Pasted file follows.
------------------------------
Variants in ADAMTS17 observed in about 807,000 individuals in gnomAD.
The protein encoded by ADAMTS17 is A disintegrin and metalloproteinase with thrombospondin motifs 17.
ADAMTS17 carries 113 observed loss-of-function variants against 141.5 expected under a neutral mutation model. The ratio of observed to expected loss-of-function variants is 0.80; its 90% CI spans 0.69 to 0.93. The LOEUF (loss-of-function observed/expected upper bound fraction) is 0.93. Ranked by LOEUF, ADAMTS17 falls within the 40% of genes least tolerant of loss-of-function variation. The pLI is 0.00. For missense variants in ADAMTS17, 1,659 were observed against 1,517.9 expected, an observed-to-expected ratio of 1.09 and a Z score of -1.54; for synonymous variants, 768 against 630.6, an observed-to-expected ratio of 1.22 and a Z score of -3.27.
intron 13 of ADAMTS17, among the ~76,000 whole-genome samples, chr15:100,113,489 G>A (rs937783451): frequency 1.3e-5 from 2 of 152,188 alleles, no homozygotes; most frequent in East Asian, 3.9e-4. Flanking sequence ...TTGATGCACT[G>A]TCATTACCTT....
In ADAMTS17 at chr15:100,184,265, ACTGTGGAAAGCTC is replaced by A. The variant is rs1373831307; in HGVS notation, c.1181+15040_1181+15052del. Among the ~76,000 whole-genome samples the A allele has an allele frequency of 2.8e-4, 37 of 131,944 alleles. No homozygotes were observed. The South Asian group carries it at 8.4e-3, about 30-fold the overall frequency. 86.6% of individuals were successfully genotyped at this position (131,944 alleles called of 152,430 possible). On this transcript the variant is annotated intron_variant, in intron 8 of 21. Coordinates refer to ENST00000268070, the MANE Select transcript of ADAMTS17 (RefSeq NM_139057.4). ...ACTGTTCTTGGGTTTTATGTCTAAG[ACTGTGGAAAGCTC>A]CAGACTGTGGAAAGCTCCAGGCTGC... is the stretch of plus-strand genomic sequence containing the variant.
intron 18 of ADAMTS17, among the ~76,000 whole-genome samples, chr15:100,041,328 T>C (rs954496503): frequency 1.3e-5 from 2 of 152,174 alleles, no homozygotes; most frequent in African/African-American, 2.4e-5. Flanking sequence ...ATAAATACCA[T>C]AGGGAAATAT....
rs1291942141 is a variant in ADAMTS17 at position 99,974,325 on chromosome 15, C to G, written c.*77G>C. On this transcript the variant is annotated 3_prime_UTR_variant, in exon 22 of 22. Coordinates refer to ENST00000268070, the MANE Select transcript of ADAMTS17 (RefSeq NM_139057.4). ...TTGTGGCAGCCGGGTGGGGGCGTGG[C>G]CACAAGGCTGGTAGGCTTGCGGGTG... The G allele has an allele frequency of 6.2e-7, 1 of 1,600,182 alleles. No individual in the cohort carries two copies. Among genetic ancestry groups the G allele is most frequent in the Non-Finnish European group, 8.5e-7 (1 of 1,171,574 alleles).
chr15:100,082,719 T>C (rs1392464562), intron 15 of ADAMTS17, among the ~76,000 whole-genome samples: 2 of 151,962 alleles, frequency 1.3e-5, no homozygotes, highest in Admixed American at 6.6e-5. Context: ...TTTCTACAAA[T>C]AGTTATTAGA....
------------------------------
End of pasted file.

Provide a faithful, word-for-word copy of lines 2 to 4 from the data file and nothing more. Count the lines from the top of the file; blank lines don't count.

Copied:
The protein encoded by ADAMTS17 is A disintegrin and metalloproteinase with thrombospondin motifs 17.
ADAMTS17 carries 113 observed loss-of-function variants against 141.5 expected under a neutral mutation model. The ratio of observed to expected loss-of-function variants is 0.80; its 90% CI spans 0.69 to 0.93. The LOEUF (loss-of-function observed/expected upper bound fraction) is 0.93. Ranked by LOEUF, ADAMTS17 falls within the 40% of genes least tolerant of loss-of-function variation. The pLI is 0.00. For missense variants in ADAMTS17, 1,659 were observed against 1,517.9 expected, an observed-to-expected ratio of 1.09 and a Z score of -1.54; for synonymous variants, 768 against 630.6, an observed-to-expected ratio of 1.22 and a Z score of -3.27.
intron 13 of ADAMTS17, among the ~76,000 whole-genome samples, chr15:100,113,489 G>A (rs937783451): frequency 1.3e-5 from 2 of 152,188 alleles, no homozygotes; most frequent in East Asian, 3.9e-4. Flanking sequence ...TTGATGCACT[G>A]TCATTACCTT....